New travel restrictions in Europe have spurred cruise cancellations for Carnival Corporation’s Costa Cruises, Switzerland-based MSC Cruises, and Germany’s TUI Cruises.
This morning, Costa Cruises announced the temporary suspension of Costa Deliziosa cruises to Greece, citing new restrictions on travel.
The Deliziosa, which has been offering one-week cruises calling at Trieste, Katakolon, Athens, Iraklion, and Bari, will end her current cruise November 7 in Trieste. The ship will then pause operations for seven weeks, canceling sailings on November 7, 14, 21 and 28, and December 5, 12, and 19.
The resumption of Costa Deliziosa operations is scheduled for December 26. It will sail an Italian itinerary cruising the Adriatic Sea and the eastern Mediterranean with stops in Trieste, Bari, Brindisi, and Catania.
Costa Smeralda, the other Costa ship currently in service, will continue Italy-focused sailings as scheduled.
Yesterday, also citing increased illness and more onerous travel restrictions in Europe, MSC Cruises canceled sailings on the MSC Magnifica from November 8 through December 18.
The suspension of service was made as France and Germany instituted tougher rules. The two nations are key source markets for the Magnifica’s 10-night voyages across the Eastern and Western Mediterranean to ports in Italy, Greece, and Malta.
Also yesterday, TUI Cruises suspended the operations of the Mein Schiff 6 in Greece, after news of a stricter lockdown that takes effect Saturday, November 7. TUI says it will run one last cruise from Corfu, without port stops, and featuring all sea days before suspending service for the rest of the month.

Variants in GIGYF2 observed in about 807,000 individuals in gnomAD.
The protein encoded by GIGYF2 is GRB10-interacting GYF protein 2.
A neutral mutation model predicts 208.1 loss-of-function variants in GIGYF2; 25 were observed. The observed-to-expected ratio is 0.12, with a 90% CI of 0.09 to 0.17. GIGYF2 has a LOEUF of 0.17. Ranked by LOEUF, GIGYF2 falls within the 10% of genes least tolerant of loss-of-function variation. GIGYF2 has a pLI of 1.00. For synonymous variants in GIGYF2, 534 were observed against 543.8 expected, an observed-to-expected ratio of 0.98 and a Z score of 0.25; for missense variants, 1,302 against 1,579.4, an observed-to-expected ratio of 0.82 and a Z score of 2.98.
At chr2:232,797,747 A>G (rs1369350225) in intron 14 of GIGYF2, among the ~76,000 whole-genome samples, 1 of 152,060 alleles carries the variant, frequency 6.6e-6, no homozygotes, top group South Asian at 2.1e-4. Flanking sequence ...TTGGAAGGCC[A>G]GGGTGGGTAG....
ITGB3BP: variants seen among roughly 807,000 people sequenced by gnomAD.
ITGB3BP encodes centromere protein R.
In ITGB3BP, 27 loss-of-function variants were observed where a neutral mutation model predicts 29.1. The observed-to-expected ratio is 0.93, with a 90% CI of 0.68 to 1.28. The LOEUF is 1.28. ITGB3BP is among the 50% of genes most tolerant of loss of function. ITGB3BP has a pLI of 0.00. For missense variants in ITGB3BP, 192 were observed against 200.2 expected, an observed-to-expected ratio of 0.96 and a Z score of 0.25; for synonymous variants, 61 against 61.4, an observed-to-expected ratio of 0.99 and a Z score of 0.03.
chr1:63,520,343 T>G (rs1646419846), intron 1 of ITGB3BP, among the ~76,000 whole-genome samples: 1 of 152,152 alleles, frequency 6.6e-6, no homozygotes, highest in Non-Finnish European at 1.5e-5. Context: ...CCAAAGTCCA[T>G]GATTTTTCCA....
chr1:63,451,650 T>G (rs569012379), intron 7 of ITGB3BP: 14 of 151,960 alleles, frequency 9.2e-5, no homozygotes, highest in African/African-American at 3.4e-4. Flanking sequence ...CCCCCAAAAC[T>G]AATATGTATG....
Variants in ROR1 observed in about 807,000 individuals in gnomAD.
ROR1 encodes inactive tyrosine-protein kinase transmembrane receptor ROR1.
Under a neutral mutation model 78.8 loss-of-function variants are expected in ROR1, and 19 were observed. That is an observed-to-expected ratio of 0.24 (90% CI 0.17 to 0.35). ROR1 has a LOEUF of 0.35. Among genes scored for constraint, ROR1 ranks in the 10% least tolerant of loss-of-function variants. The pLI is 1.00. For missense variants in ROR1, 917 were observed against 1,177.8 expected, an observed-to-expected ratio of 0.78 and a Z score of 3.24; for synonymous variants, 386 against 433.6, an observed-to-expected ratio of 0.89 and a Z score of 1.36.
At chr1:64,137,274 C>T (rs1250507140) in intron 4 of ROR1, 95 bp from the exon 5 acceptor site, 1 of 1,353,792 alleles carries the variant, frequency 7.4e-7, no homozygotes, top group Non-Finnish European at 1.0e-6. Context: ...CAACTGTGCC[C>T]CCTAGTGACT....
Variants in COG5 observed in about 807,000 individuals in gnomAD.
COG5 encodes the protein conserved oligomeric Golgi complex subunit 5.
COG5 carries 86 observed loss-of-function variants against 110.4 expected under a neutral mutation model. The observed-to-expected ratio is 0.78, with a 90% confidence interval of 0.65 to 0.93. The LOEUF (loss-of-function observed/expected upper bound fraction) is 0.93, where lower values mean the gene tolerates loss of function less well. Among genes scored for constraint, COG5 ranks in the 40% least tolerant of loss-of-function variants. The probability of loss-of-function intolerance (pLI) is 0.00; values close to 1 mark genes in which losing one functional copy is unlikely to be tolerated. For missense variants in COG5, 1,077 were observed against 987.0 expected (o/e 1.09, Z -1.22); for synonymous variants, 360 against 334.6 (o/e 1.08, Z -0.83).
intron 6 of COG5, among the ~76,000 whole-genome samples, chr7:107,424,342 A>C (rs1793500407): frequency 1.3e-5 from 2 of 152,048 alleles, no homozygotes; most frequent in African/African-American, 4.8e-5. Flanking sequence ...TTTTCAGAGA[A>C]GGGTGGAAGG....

“As a result of the short-term nature and on the basis of our hygiene and health concept, we have received a special permit to carry out the trip to Greece from November 8 to 14 as a blue trip without shore excursions,” the line said in a statement. “Unfortunately, with a heavy heart, we have to cancel the other planned cruises to Greece that start on November 14th, 21st and 28th.”
TUI Cruises was also forced to cancel its Germany-based program earlier this month, but still has plans to cruise in the Canary Islands in November.
In some good news, MSC announced yesterday that its flagship MSC Grandiosa will continue operating seven-night Western Mediterranean itineraries and has extended its current sailings through March 27, 2021.
Another ray of hope is this weekend’s launch of cruises to nowhere out of Singapore aboard Dream Cruises’ World Dream. And Royal Caribbean’s Quantum of the Seas plans to begin similar short sailings of two to four-nights from Singapore on December 1.
Meanwhile, closer to home, US-based cruise lines are hard at work preparing for a phased-in return to service following last week’s lifting of a ‘no sail order’ imposed by the Centers for Disease Control and Prevention.
Cruises to nowhere or sailings with a stop only at cruise line private islands are the most likely initial offerings. But to get there, cruise ships will have to prove compliance with a tough set of health and safety measures and be ‘recertified’ by the CDC. Trial voyages will be held to test onboard mitigation initiatives.
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